How do you observe signs of climate change in real time? Dr. Marco Tedesco, associate professor of earth and atmospheric sciences at The City College of New York, plans to be the first to catch sight of one dramatic indicator of a warming world on the Greenland ice sheet this summer, and through social media, people will be able to track his progress.
Professor Tedesco arrived in Greenland earlier this month to attempt to witness for the first time the entire lifecycle of a supra-glacial lake from earliest formation to its catastrophic draining. These huge bodies of water form each year atop melting glaciers. They commonly measure a kilometer or more across, but can drain suddenly within a matter of hours.
Professor Tedesco plans to use data he gathers on his expedition to answer lingering questions about these mysterious pools, including: What causes them to drain? Where does the water go? How does this affect the glaciers' inevitable flow toward the sea?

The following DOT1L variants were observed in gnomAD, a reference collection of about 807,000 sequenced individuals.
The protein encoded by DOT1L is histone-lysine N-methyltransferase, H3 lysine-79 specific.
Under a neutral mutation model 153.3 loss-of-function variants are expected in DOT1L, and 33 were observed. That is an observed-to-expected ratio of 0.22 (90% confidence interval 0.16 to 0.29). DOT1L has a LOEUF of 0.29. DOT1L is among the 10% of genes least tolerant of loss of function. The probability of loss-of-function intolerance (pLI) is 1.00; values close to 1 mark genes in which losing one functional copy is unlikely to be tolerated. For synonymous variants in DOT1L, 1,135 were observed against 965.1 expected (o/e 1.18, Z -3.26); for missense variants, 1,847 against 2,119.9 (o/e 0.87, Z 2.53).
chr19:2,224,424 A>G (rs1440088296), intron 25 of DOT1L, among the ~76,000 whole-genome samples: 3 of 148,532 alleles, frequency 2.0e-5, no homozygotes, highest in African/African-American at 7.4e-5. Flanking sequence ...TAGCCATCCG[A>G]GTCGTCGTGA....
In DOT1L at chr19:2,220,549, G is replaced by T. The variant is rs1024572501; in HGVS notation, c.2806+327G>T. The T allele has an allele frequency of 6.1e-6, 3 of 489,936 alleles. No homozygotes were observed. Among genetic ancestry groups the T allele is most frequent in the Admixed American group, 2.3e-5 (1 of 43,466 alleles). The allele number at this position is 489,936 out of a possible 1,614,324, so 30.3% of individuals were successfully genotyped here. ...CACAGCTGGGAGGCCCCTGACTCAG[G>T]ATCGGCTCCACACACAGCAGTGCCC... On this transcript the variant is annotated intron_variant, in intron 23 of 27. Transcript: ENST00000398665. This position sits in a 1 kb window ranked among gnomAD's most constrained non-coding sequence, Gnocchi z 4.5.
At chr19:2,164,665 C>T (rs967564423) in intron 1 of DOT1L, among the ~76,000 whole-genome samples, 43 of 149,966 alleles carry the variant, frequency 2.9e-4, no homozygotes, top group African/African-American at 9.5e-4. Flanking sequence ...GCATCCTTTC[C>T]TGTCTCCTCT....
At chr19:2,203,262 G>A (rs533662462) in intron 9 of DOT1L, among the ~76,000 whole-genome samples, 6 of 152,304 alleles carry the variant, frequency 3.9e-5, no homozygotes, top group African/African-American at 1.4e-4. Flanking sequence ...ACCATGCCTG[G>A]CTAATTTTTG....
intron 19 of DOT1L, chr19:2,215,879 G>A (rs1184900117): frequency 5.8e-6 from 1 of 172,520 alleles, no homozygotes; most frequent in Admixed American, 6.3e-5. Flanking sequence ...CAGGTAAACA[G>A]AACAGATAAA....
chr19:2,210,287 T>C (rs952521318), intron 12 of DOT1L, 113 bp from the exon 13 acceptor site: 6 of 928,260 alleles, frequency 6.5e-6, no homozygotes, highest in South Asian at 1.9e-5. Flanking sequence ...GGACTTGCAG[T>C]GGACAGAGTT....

"This rapid draining is roughly equivalent to emptying a thousand Olympic-sized swimming pools at a rate of a dozen pools per minute," notes Nick Steiner, a graduate student in Professor Tedesco's Cryospheric Processes Lab. Mr. Steiner conducted research with Professor Tedesco in Greenland last year.
Professor Tedesco and his team will hike across the Jakobshavn Isbr glacier in search of a lake to monitor and eventually make camp on the ice in the midst of an unstable landscape of embryonic lakes, streams and sub-glacier drainage.
Rounding out the expedition party are graduate student Patrick Alexander of the CUNY Graduate Center, biologist Christine Foreman of Montana State University, glaciologist Ian Willis and graduate student Alison Banwell of the Scott Polar Research Institute at the University of Cambridge, UK.
With such a large volume of water flowing out of the lakes at the surface, under the glacier or thundering into deep holes calle
|Contact: Jessa Netting|
City College of New York